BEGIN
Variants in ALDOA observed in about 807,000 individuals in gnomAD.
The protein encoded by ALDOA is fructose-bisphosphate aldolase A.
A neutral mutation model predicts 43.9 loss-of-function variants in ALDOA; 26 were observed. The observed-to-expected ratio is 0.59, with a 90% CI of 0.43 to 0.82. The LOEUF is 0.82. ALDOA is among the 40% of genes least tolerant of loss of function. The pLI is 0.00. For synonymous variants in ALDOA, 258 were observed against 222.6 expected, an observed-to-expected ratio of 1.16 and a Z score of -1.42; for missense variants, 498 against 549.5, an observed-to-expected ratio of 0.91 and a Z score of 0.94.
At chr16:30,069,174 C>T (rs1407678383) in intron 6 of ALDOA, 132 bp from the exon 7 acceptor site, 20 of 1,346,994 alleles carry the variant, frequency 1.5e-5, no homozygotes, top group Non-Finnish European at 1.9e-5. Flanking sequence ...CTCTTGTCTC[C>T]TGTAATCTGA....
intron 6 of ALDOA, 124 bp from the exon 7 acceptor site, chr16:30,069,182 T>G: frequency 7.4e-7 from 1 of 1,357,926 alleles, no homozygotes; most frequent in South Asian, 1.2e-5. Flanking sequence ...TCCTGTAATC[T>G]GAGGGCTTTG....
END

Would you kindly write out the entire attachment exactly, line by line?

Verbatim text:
Variants in ALDOA observed in about 807,000 individuals in gnomAD.
The protein encoded by ALDOA is fructose-bisphosphate aldolase A.
A neutral mutation model predicts 43.9 loss-of-function variants in ALDOA; 26 were observed. The observed-to-expected ratio is 0.59, with a 90% CI of 0.43 to 0.82. The LOEUF is 0.82. ALDOA is among the 40% of genes least tolerant of loss of function. The pLI is 0.00. For synonymous variants in ALDOA, 258 were observed against 222.6 expected, an observed-to-expected ratio of 1.16 and a Z score of -1.42; for missense variants, 498 against 549.5, an observed-to-expected ratio of 0.91 and a Z score of 0.94.
At chr16:30,069,174 C>T (rs1407678383) in intron 6 of ALDOA, 132 bp from the exon 7 acceptor site, 20 of 1,346,994 alleles carry the variant, frequency 1.5e-5, no homozygotes, top group Non-Finnish European at 1.9e-5. Flanking sequence ...CTCTTGTCTC[C>T]TGTAATCTGA....
intron 6 of ALDOA, 124 bp from the exon 7 acceptor site, chr16:30,069,182 T>G: frequency 7.4e-7 from 1 of 1,357,926 alleles, no homozygotes; most frequent in South Asian, 1.2e-5. Flanking sequence ...TCCTGTAATC[T>G]GAGGGCTTTG....